Among other things, I will give it to Ali Abbas Zafar for keeping Bharat largely neutral in its political leanings. But for a narrative that pans from 1947 to 2010, the film is least interested in the nation’s history despite a faux nationalist tagline. It does address the rising unemployment in the ‘60s, followed by Bharat’s sermon on how foreign exchange can bring ‘tarakki’ (development) to India. The emergency period stands mentioned but its impact on his family or their business is not explored. It also talks about privatization and land redevelopment in the ‘90s and 2000s but with zero concise backgrounds. Anyhow, the most interest bit out here – even though cheesy as hell – is one where Bharat extends the need of certain socialist policies at his workplace, to his foreigner employer in the middle of a Middle Eastern desert.
Bharat also scores a little with the way it etches the partition era. Unlike the recent Kalank, the inhabitants of Lahore do not resemble those from costume dramas or theatre of the absurd. The emotions are heightened, certainly, but the production design and overall look-and-feel emerge from a realistic sphere. One might still question the costume design for zero research or perhaps a brief that prevented them from doing any. Cinematographer Marcin Laskawiec’s fascination for circular shots is an add-on in accustoming us to the surroundings which are perhaps not very common in Salman Khan films. Vishal-Shekhar’s music is zingy with ‘Slow Motion’ and ‘Chashni’ being elevated further by the way they are picturized. Julius Packiam’s background score is neat and works well for the genre.
As for the central acts, hoping for earth-shattering performances in a Salman Khan – Katrina Kaif is similar to finding an iceberg in the Red Sea. Salman Khan, bearing his usual stiff body language and questionable diction, does occasionally move you with his vulnerability – brownie points to the dialogues and a handful of romantic scenes. Kaif tries hard and is also agreeable to a very large extent. Then again, we tend to measure how an actual performer could have added beautiful layers to Kumud which Kaif and her effortful ways couldn’t. One major saving grace here is the organic chemistry shared by the lead pair which is sizzling, irrespective of their individual prowess in the emoting department. The supporting cast led by the excellent Sunil Grover forms the life of the plot which, as mentioned before, is high on catalysts. Jackie Shroff shines in a brief role while Sonali Kulkarni is a delight as always. Some bizarre dialogues notwithstanding, Disha Patani sparkles in a cameo. Ditto for Brijendra Kala as Chacha whose episode, easily, is the film’s most engaging passage. “Mere ladke nahi aaye hain,” laments Chacha about his friends stuck in a mine and it’s impossible not to shed a tear for his genuine love for strangers in days of endless toiling.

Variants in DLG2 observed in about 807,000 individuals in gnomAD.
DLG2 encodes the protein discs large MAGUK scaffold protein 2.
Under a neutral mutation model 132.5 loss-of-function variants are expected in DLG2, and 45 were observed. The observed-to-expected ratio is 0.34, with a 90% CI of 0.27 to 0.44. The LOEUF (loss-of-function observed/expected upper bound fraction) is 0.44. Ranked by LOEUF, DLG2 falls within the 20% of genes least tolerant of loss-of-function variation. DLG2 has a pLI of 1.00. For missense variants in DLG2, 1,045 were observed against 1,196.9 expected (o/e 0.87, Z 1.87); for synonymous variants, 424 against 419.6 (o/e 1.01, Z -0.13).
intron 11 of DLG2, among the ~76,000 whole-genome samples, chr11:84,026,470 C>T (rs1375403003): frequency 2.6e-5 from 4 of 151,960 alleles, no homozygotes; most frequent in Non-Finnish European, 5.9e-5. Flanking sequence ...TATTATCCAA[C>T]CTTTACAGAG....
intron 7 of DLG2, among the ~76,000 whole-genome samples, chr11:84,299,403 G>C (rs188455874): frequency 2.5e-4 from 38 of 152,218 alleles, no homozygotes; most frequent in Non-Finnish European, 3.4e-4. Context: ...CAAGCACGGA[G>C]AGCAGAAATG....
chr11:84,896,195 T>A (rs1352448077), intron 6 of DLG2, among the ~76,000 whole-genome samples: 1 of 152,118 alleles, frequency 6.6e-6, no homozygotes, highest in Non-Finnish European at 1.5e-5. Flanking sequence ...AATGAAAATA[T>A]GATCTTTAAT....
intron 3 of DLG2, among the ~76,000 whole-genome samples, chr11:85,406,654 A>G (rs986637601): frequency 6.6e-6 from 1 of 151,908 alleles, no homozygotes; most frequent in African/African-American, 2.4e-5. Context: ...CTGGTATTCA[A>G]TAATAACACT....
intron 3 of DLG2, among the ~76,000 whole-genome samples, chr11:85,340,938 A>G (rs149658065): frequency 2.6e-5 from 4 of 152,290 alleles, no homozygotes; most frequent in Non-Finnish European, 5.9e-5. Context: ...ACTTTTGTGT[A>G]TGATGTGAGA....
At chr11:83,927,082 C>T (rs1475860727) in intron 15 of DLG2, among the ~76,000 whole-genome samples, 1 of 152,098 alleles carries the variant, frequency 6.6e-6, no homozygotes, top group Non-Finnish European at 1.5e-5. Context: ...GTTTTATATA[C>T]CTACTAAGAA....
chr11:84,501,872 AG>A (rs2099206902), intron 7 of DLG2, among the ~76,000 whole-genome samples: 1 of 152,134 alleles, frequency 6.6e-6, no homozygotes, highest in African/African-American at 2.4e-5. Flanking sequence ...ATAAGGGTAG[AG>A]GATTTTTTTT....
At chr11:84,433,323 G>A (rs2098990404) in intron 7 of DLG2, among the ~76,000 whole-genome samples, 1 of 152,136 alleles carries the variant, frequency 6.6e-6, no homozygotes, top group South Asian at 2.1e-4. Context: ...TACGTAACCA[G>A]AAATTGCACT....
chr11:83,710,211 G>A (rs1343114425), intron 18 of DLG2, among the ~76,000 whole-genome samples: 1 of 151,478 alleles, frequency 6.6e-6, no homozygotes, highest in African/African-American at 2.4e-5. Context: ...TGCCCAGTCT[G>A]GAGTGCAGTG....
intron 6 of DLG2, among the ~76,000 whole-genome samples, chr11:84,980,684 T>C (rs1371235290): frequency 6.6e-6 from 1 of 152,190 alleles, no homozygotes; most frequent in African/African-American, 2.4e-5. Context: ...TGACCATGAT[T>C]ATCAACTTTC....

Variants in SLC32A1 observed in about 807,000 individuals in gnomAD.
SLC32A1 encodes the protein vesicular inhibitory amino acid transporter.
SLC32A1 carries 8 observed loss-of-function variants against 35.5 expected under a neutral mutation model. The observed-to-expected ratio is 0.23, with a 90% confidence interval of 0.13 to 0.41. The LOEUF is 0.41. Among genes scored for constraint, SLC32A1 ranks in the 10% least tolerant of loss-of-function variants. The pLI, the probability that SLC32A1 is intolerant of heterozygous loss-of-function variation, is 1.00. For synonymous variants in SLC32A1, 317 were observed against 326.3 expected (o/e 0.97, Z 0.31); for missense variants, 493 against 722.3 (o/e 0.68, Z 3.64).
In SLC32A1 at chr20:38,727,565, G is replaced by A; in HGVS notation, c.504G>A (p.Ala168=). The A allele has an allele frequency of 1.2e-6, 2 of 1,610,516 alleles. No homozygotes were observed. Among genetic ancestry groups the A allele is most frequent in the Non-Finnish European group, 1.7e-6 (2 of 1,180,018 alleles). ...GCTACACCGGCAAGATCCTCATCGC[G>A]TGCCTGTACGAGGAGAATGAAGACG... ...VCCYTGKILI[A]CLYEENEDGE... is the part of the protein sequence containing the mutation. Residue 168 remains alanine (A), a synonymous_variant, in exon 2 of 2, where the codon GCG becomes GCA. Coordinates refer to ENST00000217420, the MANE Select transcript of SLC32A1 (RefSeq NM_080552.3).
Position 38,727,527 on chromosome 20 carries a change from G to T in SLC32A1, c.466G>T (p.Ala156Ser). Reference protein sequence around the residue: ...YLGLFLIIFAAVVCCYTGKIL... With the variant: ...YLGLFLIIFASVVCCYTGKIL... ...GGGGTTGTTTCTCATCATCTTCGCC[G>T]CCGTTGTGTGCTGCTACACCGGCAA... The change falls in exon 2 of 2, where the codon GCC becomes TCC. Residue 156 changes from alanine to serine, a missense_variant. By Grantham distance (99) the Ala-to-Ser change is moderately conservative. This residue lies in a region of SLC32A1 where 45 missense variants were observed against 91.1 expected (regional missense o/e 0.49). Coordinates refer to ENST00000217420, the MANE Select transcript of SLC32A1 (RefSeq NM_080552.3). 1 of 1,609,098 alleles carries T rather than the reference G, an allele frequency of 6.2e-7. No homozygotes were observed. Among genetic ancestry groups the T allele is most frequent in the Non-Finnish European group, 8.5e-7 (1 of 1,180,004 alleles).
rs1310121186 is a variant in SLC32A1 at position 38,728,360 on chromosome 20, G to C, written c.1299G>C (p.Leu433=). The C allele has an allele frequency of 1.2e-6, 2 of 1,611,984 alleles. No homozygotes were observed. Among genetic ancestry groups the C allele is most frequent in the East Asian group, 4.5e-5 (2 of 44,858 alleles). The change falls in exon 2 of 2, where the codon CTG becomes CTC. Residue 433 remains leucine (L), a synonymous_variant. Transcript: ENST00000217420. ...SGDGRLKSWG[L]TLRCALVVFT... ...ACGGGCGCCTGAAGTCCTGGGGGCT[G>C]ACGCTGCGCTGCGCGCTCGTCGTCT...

One might cite how Bharat’s length is its prime problem area. Well, it indeed is. However, it can be attributed more to the film’s inability to spice up its second half which is filled with simple problems and even more simplistic solutions. The first-half, in comparison, is adequate in terms of establishing the film’s intent. The larger-than-life projections are on point, the love story gets its share of footing, the intrigue levels are maintained but only to nosedive after the mid-point. Bharat does salvage things in a predictable fashion towards the finale by managing a bunch of closures. You also get to see the graceful Tabu in this phase. But the moment you realize how the film has finally picked up for good by making Bharat a vulnerable everyman, the film shift tones yet again – to a classic Salman Khan Eid bonanza where the man (who is in his 70s, by the way) bashes up a gang of youngsters on bikes! A tiny semblance of sanity would have been nice in a film that is not outright atrocious, I say.
Overall, Bharat could have a been lot more if its leading man had the nerve to focus a little less on himself and allow the film to flourish in its world, around its people. Ah, never mind!